The Origin Recognition Complex (ORC), heteromeric six-subunit protein complex, is essential for DNA replication. ORC's functions also extend beyond DNA replication. In our preliminary studies, we found that the Drosophila smallest ORC subunit, Orc6, is important for DNA binding and DNA replication but also has a function in cytokinesis through the interaction with septin protein Pnut. Based on these observations we hypothesize that Orc6 is a multifunctional protein. Orc6 might be involved in a signaling pathway that coordinates many processes of the cell division cycle, such as chromosome duplication and cytokinesis. We hypothesize that Orc6, which bears a structural homology with transcription factor, TFIIB, is essential for targeting of ORC to the origins in Drosophila cells and for the formation of pre- replicative complex. The function of Orc6 in cytokinesis is achieved through the regulation of septin complex activities. To test these hypotheses we plan to analyze at the molecular, cellular and genetic levels the functions and activities of Orc6 and its role in cell cycle. Specifically we will 1) determine the three-dimensional structure of Orc6;2) detertmine functions of Orc6 in DNA binding and DNA replication;and 3) elucidate the role of Orc6 in regulation of septin complex functions. Because ORC is conserved in evolution, what we learn about its functions in Drosophila will be valuable to our understanding of ORC's functions in other eukaryotes. A better understanding of how ORC functions in Drosophila will provide insights into ORC's behavior in mammals and provide clues as to how its misregulation leads to cancer.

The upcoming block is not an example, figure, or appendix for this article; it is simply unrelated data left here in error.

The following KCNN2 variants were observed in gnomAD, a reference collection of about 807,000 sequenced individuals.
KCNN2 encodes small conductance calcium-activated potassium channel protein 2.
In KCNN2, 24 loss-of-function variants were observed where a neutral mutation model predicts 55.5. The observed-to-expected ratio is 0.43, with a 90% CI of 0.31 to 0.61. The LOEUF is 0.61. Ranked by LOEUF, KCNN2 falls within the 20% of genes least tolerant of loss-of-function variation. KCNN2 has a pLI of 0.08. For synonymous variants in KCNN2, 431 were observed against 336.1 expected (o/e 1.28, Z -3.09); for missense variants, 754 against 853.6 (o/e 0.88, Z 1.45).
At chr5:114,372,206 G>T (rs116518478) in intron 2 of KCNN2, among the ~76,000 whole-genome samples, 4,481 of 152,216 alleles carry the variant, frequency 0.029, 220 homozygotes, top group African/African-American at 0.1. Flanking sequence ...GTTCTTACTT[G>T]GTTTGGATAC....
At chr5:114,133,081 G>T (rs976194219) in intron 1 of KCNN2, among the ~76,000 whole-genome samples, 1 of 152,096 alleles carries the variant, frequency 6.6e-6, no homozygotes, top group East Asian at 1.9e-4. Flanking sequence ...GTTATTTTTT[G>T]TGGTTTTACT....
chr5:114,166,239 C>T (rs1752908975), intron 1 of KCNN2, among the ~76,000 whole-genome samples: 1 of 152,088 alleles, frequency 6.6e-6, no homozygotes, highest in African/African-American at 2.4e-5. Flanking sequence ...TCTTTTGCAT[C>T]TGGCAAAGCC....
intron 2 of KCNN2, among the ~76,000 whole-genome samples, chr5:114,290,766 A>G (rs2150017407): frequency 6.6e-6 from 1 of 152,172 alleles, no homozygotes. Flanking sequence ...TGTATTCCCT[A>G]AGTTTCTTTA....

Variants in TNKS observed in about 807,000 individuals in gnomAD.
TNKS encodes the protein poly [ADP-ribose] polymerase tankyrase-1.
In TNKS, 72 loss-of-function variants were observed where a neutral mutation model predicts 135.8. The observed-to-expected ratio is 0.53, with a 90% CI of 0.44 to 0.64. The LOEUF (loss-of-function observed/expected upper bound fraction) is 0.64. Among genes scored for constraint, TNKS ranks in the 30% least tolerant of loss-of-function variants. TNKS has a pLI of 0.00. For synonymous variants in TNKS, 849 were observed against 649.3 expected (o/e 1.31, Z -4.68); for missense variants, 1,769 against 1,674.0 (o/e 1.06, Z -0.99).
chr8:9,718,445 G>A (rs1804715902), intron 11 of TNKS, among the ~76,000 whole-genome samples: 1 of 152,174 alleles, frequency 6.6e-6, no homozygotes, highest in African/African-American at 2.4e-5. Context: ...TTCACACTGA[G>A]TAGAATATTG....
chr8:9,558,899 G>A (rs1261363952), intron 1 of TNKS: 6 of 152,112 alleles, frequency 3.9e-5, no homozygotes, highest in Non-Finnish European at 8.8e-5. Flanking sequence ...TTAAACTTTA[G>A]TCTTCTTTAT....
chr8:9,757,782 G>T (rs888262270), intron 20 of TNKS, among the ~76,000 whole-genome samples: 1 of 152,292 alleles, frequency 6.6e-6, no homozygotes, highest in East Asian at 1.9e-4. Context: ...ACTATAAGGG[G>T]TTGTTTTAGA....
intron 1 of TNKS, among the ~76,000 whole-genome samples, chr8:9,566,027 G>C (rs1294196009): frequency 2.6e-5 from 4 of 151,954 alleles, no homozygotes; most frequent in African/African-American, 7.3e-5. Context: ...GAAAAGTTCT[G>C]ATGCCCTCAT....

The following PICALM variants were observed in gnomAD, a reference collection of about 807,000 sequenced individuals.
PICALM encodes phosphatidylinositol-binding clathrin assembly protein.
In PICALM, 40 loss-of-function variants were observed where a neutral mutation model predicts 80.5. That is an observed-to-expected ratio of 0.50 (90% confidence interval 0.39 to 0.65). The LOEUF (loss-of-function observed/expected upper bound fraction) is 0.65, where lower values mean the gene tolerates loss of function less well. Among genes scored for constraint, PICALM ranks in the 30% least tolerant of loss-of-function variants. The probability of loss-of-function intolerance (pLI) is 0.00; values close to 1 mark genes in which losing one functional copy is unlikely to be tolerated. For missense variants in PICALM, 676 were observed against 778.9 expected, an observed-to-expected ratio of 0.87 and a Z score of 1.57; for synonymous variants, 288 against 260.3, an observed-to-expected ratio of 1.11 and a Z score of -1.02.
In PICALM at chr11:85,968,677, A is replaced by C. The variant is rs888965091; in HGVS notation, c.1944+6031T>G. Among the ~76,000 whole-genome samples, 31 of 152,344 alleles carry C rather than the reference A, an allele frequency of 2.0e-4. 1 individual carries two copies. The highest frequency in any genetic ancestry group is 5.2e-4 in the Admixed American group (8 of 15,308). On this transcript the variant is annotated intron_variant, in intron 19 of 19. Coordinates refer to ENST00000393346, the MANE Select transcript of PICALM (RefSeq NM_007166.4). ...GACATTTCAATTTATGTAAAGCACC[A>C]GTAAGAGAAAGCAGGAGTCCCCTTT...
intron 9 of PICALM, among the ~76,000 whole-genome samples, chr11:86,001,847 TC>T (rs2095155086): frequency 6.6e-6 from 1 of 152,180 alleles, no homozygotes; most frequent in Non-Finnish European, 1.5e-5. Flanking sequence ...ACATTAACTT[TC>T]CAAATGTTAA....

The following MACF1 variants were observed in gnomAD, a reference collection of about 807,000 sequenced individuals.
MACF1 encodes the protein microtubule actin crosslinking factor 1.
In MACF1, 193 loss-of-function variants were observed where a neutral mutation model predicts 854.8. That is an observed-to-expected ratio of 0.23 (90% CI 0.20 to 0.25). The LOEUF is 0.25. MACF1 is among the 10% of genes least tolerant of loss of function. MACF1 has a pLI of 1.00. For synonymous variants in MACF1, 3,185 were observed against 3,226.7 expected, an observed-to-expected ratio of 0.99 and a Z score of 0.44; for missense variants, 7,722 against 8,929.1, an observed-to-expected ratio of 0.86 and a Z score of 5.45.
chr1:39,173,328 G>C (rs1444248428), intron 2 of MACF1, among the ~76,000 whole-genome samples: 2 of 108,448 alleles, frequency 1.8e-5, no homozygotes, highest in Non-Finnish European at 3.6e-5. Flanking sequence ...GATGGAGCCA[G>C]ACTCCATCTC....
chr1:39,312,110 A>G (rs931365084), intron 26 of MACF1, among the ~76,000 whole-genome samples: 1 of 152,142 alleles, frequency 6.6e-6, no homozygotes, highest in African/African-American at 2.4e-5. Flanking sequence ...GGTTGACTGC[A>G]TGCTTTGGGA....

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Project narrative. The goal of our proposal is to define the role of Origin Recognition Complex (ORC) during the cell cycle in eukaryotes. Because ORC is conserved in evolution, what we learn about its functions will provide insights as to how its misregulation leads to cancer. An understanding of the molecular events involved in the initiation of replication and cell cycle progression will provide a basis for ultimately controlling these processes.

National Institute of Health (NIH)
National Institute of General Medical Sciences (NIGMS)
Research Project (R01)
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Molecular Genetics C Study Section (MGC)
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Janes, Daniel E
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University of Alabama Birmingham
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